When to Call the Emergency Dentist, and What She or He Can Do

ToothacheDental emergencies can be both scary and painful. They also don’t keep to any regular schedule, as likely to occur in the middle of the night as they are during the day, so it is important to contact an emergency dentist at the earliest possible opportunity.

The Evergreen Dental Centre in Reading offers same-day emergency dentist appointments whenever possible, both to existing patients of the practice and those who are visiting the area. An emergency dentist’s key priority will always be to get you out of pain, as well as to treat anything that poses a risk of further damage – rough edges on a broken tooth that could cut your tongue or cheeks, for example.

Often, you will need to return to the dental practice at a later date to fully cure a condition, because it is simply not possible to do it all in one appointment. For example, if you have an infected tooth that is causing you pain, your dentist will endeavour to get rid of your pain at the first visit, but you may need to return to complete root canal treatment.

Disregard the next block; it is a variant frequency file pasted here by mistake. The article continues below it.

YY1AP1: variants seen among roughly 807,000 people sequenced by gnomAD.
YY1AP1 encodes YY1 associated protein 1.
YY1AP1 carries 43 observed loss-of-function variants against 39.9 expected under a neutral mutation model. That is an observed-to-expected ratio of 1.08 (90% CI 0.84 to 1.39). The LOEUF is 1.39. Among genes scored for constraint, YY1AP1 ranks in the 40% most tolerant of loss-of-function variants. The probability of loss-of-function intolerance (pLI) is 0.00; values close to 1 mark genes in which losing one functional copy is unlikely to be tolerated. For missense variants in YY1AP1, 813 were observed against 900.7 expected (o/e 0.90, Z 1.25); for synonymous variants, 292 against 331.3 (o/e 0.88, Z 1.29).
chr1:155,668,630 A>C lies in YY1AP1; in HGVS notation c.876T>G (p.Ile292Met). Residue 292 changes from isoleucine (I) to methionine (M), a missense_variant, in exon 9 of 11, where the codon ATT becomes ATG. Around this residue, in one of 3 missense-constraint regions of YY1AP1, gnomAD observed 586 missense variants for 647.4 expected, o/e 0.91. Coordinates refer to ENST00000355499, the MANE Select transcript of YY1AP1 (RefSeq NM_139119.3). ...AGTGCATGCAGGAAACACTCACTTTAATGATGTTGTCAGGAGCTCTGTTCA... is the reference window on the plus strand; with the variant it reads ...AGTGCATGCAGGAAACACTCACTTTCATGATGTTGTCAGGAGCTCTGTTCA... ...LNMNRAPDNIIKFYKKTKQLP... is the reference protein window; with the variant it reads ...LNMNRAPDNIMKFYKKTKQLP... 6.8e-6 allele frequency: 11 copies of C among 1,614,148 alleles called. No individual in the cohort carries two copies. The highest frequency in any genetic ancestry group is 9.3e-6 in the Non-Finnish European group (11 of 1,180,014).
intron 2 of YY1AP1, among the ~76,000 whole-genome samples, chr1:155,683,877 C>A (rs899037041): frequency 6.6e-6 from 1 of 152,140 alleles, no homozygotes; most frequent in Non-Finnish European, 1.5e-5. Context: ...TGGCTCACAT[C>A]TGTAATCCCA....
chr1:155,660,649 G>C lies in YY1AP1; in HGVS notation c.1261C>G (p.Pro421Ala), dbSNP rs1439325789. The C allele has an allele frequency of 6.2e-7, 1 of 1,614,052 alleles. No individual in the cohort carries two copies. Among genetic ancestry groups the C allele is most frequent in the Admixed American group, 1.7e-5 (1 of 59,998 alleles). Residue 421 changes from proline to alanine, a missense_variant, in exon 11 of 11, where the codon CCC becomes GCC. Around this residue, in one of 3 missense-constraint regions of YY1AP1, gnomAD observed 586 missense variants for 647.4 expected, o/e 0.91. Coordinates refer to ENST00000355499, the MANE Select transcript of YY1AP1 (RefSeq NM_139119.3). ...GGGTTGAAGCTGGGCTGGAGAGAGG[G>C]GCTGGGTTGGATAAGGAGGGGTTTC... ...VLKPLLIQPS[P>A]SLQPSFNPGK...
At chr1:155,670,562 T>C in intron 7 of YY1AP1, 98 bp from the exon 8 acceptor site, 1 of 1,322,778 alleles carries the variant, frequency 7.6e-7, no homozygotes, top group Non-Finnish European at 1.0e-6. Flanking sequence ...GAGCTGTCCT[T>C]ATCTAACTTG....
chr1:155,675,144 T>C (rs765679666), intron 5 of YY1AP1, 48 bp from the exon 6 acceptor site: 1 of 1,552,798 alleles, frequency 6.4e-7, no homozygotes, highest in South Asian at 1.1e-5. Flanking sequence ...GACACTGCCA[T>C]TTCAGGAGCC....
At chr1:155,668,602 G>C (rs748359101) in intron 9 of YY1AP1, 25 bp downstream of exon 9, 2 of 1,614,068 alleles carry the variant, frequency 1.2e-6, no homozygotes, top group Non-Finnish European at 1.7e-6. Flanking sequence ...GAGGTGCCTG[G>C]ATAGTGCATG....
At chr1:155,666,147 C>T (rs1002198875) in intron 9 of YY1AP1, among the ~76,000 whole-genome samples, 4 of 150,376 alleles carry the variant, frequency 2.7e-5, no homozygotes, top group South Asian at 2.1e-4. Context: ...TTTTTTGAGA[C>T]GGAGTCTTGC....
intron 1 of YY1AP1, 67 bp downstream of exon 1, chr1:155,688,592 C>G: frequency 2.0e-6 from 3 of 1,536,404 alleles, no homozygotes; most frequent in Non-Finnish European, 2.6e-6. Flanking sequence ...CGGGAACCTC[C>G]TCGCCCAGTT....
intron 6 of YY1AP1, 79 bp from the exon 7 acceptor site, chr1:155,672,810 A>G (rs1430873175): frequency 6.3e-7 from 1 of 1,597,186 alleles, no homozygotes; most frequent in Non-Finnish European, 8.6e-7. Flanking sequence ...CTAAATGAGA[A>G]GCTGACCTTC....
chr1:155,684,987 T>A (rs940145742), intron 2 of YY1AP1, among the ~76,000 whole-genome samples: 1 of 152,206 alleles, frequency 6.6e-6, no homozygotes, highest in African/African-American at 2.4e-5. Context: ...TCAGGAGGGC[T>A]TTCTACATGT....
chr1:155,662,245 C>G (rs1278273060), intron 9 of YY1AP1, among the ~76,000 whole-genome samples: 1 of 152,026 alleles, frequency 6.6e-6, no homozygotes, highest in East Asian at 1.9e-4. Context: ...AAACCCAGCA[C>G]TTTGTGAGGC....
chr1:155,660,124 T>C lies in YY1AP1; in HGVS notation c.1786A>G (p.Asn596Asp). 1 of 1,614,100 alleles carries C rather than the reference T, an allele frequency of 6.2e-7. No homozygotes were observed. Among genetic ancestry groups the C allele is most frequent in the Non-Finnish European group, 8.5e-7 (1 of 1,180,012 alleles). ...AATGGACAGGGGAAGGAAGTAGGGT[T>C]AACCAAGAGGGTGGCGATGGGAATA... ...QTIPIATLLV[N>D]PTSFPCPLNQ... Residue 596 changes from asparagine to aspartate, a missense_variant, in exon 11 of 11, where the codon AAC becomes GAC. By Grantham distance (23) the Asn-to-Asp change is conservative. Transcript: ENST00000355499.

Common dental emergencies

Knocked out teeth

Teeth can be knocked out relatively easily through accidents or injuries involving the head and face. This could be a sporting mishap, a road traffic accident, or a fall. Often, a dentist can reimplant your tooth and temporarily bind it to adjacent teeth for support, so bring your tooth (covered in milk or your own saliva) to your emergency dental appointment if you still have it.

Dentists also have many modern options for tooth replacement, should the tooth be entirely lost. Whilst tooth replacement will take place at a later appointment, your dentist may x-ray your jaw to make sure no root fragments have been left in the gum.


Never ignore a toothache – it won’t get better on its own. When toothache becomes severe, you need an emergency dentist. It is often a sign of infection, but can also be caused by tooth decay.

Your dentist may be able to treat and fill a decayed tooth in a single appointment, whilst infection takes two or more appointments to cure.